Privacy considerations & responsibilities in the era of Big Data & Internet of Things

Privacy considerations & responsibilities in the era of Big Data & Internet of Things

by Ramkumar Ravichandran, Director, Analytics, Visa Inc. – January 8, 2015.

Over the past few months, I heard so much about Big Data & IoT posing a threat to privacy especially with so much happening around us. In the same time period, I had attended more than 4 events (as audience and as a panel speaker myself) on this issue. The biggest question in my mind was if we need to worry at all, since the explosion of technology capturing more and more data should bring in noisy data, shoot up the cost of storing it, impact speed of (connecting first & then) analyzing it and lead to fragmented insights.

The following links shed some light on my reasoning (more noise from too much data is statistically proven) :

When I posed this question to Sarah Bruno of Law Firm Arent Fox at a meetup, she did make a great point, with the improvement in technology capturing the data the technology to tie/store/analyze has also improved, so the threat is real. Other points she made were,

  1. Identification increased and noise decreased: Companies have realized this and are going for connectivity measures – primary cookies, real name credentials, etc. and are able to tie it across devices, channels and platforms.
  2. Sensitivity of the data (esp with IoT has gone up).
  3. Commercialization of the data and insights has created incentives for misuse.
  4. Advancements in hacking – best of technologies are unable to prevent it from happening in the first place.

So, is it doomsday already?

  1. No, with IoT and explosion of devices the biggest challenge is instrumentation, storage and usage anyway so less to worry about over the next 3 years.
  2. In those 3 years, data and privacy related regulations will come about with better understanding of technologies and risks and failure points for misuse.
  3. Companies realize the cost (financial, legal and PR) of loss and are doing better job of protecting them (identifying the breach when it is happening vs. finding it later that it happened).
  4. Many laws exist to protect, media ever more active and privacy lawyers are doing a lot to fix accountability and make the situation more responsible.

Is Big data always bad?

Unequivocal No! Data has benefited Consumers/Business/Governments and Societies in innumerable and tangible ways- e.g., discounts, offers, customized help based on geo/condition in medical devices, farming, auto assurance, government delivery and so on. So the response shouldn’t be to discourage it but to make it safer.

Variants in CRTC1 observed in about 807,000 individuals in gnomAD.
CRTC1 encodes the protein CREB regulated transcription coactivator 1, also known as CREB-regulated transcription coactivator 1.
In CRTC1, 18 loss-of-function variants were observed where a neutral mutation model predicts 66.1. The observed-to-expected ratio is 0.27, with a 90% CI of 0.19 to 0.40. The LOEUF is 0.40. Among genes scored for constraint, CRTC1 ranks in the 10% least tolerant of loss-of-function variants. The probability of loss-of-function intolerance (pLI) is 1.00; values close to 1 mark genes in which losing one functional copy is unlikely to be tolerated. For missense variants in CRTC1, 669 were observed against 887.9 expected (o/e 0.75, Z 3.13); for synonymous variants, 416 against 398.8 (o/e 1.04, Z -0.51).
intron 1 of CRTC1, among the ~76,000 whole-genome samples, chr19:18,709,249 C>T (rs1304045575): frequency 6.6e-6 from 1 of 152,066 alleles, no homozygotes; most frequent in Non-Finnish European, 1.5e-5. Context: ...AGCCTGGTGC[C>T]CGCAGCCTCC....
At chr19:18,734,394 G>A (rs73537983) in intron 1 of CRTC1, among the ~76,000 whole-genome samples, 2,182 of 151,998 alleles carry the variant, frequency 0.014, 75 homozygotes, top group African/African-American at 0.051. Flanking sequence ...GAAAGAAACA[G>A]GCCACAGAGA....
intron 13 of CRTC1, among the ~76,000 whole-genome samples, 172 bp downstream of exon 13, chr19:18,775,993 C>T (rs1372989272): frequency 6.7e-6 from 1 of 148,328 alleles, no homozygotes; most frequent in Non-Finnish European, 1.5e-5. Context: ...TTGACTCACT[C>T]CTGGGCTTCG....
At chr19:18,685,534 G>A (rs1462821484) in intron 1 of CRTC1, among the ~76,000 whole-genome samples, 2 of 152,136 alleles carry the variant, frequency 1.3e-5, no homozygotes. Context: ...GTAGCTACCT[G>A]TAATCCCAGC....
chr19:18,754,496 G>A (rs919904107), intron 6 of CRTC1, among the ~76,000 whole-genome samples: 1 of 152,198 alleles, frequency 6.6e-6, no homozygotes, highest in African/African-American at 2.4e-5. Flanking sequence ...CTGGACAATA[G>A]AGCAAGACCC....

Are Businesses the only stakeholders with data?

No, it’s everyone from Government to businesses to communities to individual consumers. The worries of Consumers in general on this issue was summarized well in the Survey report from the White House post Snowden – “Consumers are more worried about usage and storage and less about what/when is collected?”

So what are the various stakeholders doing about this?

There is already a lot happening on this aspect from the regulators, businesses, thought leaders like Sandy Pentland and so on. Debates, discussions, brainstorms are being done – laws and policies are being framed to prepare and educate everyone to improve safety and security of all entities and individuals, e.g.,

  1. FTC revising rules protecting, sharing, storing. Europe coming up with stronger regulations, aka, forget me on Google.
  2. Data Governance methodology – instead of split ownership, single body creating and enforcing compliance rules
  3. Tiered security for different types of data (PII, PAI vs. others).
  4. Simplification of agreements and constant updates and notices about changes
  5. Let users decide what they want to share and make revenue on

#HBRLive: The Internet of Things, Privacy, and The New Deal on Data

Is it all?

Not at all, it is an evolving space and each of the entity has its own to-do list and responsibilities,

  1. From Regulators: Clearer regulations (and merging hundreds of those that exist and make it easy to implement), better enforcement and stronger pressure for compliance (regular, easy and cost effective compliance checks)
  2. From Media: Scrutiny and PR pressure. No desensitize users to the threats.
  3. From Businesses: Audits, Tech upgrade (encryption, tokenization), Better communication (first time & updates), sticking to the spirit and not only letter of law, ownership of data security, resist temptation to collect and store everything (not enough value but lots of risk), Consumer education – how and why the data collected will be used, how should they protect it and what value does it add, Consumer Stakeholdership (so that they are informed and willing to share in return for benefits).
  4. From Consumers: Responsibility for protection of data (better password protection), know what is being done and why (if you don’t know -ask)

Big data & Internet of Things are real and much closer to reality that we all imagine. They bring in their own risks but if we all follow the best practices, demand more safety, work together and do our part the future will be safe/secure and wonderful in a way that we are yet to imagine.


Ramkumar Ravichandran, on Linkedin.

– <a href="/channel/UCWo4IA01TXzBeGJJKWHOG9g" class=" yt-uix-sessionlink     spf-link  g-hovercard" data-name="" data-ytid="UCWo4IA01TXzBeGJJKWHOG9g" data-sessionlink="ei=qVGuVI_EOM-vccT7gLAP">Harvard Business Review</a>  Harvard Business Review: #HBRLive: The Internet of Things, Privacy, and The New Deal on Data (video, interview with Sandy Pentland)


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